The 30 percent tariff on imported solar panels President Donald Trump announced this week could hurt Missouri's solar companies.
Prices of imported solar panels already are rising as companies want to buy them before the tariff takes effect, said Steve O'Rourke, vice president of business development at St. Louis-based Microgrid Energy.
The price of solar panels has been in flux since last fall, when the U.S. International Trade Commission found that imports hurt two domestic manufacturers and recommended a tariff to protect them. However, the U.S. solar industry imports 80 percent of its solar products, mainly from China.
"Missouri is already challenged with a regulatory environment that limits what can be done with solar," O'Rourke said. "This is not going to help."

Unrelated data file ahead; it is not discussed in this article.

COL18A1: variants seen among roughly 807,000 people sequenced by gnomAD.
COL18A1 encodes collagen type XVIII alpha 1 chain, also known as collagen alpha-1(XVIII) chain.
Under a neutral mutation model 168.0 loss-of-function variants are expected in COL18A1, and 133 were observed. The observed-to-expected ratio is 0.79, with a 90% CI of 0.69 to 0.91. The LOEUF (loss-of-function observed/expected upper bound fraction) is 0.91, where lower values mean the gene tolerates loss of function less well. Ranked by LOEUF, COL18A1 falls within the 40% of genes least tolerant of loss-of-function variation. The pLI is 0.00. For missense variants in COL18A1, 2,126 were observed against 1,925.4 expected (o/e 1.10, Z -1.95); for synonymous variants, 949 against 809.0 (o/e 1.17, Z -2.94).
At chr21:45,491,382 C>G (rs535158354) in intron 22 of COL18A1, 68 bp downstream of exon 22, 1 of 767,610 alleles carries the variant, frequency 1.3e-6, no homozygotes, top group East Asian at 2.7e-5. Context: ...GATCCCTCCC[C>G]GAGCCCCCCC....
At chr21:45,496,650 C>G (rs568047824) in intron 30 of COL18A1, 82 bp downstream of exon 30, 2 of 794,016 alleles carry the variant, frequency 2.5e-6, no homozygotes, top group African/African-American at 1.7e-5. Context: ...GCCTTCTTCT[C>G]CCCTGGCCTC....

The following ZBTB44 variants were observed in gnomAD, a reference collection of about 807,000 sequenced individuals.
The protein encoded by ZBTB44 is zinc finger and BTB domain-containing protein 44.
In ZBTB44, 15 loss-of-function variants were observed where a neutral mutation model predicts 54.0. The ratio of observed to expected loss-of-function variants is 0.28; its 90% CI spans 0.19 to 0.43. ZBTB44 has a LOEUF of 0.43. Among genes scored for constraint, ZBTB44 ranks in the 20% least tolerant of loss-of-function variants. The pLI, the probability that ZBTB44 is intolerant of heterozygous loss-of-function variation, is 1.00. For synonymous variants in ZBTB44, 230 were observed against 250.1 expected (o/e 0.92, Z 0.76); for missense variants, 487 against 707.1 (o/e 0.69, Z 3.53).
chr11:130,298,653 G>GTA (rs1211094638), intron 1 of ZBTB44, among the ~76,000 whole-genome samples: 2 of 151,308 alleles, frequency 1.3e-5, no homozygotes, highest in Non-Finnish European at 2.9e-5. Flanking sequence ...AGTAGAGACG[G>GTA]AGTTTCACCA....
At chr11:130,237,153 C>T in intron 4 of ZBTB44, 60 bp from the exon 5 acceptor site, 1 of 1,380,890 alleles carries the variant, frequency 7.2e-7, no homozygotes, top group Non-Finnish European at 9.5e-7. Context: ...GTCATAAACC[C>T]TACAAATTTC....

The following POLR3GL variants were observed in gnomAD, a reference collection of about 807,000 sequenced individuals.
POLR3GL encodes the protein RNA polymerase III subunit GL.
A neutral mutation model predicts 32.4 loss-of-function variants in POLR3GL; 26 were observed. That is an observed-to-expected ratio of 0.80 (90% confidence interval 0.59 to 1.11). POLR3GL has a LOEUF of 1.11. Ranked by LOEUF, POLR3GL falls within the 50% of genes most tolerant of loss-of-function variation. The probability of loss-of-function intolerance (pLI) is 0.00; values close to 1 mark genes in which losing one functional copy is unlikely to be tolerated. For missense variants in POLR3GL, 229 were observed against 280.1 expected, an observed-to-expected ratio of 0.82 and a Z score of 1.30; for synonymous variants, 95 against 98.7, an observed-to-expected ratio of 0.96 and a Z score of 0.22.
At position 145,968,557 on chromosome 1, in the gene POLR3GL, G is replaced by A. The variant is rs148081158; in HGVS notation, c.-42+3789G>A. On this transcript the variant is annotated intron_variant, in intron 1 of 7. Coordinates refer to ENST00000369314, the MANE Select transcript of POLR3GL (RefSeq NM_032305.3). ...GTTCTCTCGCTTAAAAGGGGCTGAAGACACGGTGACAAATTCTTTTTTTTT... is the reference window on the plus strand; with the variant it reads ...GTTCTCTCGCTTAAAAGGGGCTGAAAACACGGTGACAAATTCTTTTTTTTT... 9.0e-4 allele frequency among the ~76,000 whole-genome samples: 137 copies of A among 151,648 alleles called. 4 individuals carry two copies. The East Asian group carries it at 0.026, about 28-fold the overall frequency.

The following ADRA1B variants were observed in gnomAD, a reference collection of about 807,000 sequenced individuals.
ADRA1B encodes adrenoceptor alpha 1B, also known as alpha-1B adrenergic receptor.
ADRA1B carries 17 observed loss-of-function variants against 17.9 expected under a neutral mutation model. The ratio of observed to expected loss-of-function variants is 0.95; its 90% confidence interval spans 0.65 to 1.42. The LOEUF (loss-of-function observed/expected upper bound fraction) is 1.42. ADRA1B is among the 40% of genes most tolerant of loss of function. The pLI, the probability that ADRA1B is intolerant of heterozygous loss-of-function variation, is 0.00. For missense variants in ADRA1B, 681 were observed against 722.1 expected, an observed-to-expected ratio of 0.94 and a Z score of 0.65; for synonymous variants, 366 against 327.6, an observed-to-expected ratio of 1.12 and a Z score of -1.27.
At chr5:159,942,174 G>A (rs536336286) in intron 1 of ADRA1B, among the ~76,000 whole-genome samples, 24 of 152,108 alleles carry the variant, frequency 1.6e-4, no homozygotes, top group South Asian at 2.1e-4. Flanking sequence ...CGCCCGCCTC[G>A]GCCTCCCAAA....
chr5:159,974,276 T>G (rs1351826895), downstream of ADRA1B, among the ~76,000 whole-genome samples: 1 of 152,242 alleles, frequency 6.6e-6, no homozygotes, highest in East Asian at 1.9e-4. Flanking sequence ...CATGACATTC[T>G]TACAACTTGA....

O'Rourke added that the tariff will make large-scale projects more expensive, since panels take up roughly a quarter of the installation costs. It will also make it difficult for solar companies to hire more staff and expand operations.
"It's frustrating that the solar industry was targeted by two foreign-owned companies who have small manufacturing operations here," he said. "The loss of jobs from the decrease in business in the solar industry is going to more than offset any jobs that we save from those two manufacturers."
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